The monetary chaos started in 2003. when the previous president Chavez imposed currency controls to increase capital after an oil strike. Along with violent protests, crime, shortages of food and medicine, the value of bolivar is also getting out of control and keeps losing its value on the Forex market. For example, at the beginning of the year, you could buy $1 for 3000 bolivars, and in June you needed almost 8000. The monthly minimum wage in Venezuela is about 98 000 bolivars, which means less than $1 per day, and this is another fact that implies that Venezuela is one of the poorest countries in the world. The devaluation is a problem for both consumers who fight with hyperinflation, and for business which have to battle a constantly moving monetary unit. Due to hyperinflation, the government prints enormous quantity of money and keeps practicing very wrong and inefficient policies to stay at the head of the state. Prices were expected to rise 720% this year and desperate citizens organize massive, violent protest and pressure the current president Maduro to hold the democratic elections.

Due to a complex monetary system, corruption emerges as the main characteristic of the country’s political system. The government, of course, takes advantage of their position and waste money assigned to significant institutions. Well connected individuals, therefore, take the US dollars through the legal channels and at the higher price they profit on the black market. Also, its foreign reserves have sharply decreased, below $10 billion first time in 15 years and again the reasons for this horrific situation are the constant bad management of the state, subdued oil prices, corruption. In addition, the fall in the reserves causes fear that it might enlarge Venezuela‘s debt obligations by the end of the year.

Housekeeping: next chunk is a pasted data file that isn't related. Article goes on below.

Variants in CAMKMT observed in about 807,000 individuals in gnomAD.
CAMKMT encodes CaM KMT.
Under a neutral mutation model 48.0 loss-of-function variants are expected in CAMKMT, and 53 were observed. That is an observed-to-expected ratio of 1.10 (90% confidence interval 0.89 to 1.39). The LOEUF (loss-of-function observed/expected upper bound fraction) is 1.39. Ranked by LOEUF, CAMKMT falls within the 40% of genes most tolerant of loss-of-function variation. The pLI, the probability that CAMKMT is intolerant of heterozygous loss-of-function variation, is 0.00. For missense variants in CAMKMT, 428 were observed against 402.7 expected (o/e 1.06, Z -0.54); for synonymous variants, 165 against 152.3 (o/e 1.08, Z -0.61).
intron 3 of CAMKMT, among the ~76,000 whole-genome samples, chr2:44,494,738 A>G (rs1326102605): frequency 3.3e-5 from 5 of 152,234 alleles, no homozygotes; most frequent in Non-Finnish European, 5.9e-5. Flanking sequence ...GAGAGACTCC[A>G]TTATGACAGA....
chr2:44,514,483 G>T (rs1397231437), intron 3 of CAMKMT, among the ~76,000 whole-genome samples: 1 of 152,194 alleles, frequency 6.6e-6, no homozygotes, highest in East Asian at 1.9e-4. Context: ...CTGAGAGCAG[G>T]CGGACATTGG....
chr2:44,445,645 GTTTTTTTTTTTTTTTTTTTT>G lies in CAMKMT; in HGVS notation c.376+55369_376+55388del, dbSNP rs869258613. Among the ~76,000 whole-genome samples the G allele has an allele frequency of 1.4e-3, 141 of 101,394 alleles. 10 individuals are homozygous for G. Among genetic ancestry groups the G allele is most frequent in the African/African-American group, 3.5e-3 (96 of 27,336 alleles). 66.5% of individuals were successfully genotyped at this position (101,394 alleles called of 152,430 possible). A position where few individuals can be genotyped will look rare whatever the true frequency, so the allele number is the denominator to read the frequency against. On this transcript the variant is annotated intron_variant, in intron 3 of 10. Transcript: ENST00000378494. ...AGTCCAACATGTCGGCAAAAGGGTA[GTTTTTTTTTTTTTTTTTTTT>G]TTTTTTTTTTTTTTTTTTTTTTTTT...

How to solve Venezuelan economic crisis?

Despite the outrageous condition that the country‘s in, a negotiated solution towards the end of the crisis is possible. And, first of all, this means providing food and medicine needed and ensuring people‘s basic survival needs along with the international economic support that will imply implementation of radical institutional and political reforms. The international aid would reestablish monetary and fiscal policy and lead to reinvesting the revenues and generating enough revenue in the strongest sectors (especially in the oil sector) will help in promoting a more diversified economy.

The country should also make some serious efforts to restore the independence of democratic institutions, and as well as the judiciary and legislative branch, security, and media that have been disastrously undermined. However, the current government is reluctant to hold the elections cause they are afraid they will lose the power and the gains they’ve made through Bolivarian revolution. Also, there are various risks that giving up power will lead to severe trials and punishments for the high officials cause there has been, as we already said, significant corruption and criminal activity among the high official representatives. Also, they should face extradition to the US due to sanctions imposed in response to human right abuses, corruption, and drug trafficking. However, despite the Venezuela‘s doomed state, a recovery from the crisis is possible with the referendum, accepted foreign aid, deep structural changes, reducing the dependence on oil, trying to create and retain the peaceful environment.